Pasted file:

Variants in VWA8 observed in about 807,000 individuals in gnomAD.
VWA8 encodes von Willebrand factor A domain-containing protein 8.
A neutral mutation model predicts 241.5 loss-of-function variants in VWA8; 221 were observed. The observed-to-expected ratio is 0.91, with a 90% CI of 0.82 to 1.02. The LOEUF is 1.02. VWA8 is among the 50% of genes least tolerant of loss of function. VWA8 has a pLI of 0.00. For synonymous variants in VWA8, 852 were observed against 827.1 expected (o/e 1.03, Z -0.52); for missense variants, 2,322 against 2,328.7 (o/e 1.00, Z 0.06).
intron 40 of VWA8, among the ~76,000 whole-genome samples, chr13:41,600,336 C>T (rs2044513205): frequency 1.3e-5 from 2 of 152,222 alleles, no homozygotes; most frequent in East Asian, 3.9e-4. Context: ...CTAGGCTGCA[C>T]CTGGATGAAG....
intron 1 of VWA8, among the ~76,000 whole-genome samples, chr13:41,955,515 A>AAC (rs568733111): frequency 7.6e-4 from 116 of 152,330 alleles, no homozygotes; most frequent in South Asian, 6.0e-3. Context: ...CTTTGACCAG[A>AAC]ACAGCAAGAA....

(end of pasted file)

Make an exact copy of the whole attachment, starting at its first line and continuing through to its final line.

Variants in VWA8 observed in about 807,000 individuals in gnomAD.
VWA8 encodes von Willebrand factor A domain-containing protein 8.
A neutral mutation model predicts 241.5 loss-of-function variants in VWA8; 221 were observed. The observed-to-expected ratio is 0.91, with a 90% CI of 0.82 to 1.02. The LOEUF is 1.02. VWA8 is among the 50% of genes least tolerant of loss of function. VWA8 has a pLI of 0.00. For synonymous variants in VWA8, 852 were observed against 827.1 expected (o/e 1.03, Z -0.52); for missense variants, 2,322 against 2,328.7 (o/e 1.00, Z 0.06).
intron 40 of VWA8, among the ~76,000 whole-genome samples, chr13:41,600,336 C>T (rs2044513205): frequency 1.3e-5 from 2 of 152,222 alleles, no homozygotes; most frequent in East Asian, 3.9e-4. Context: ...CTAGGCTGCA[C>T]CTGGATGAAG....
intron 1 of VWA8, among the ~76,000 whole-genome samples, chr13:41,955,515 A>AAC (rs568733111): frequency 7.6e-4 from 116 of 152,330 alleles, no homozygotes; most frequent in South Asian, 6.0e-3. Context: ...CTTTGACCAG[A>AAC]ACAGCAAGAA....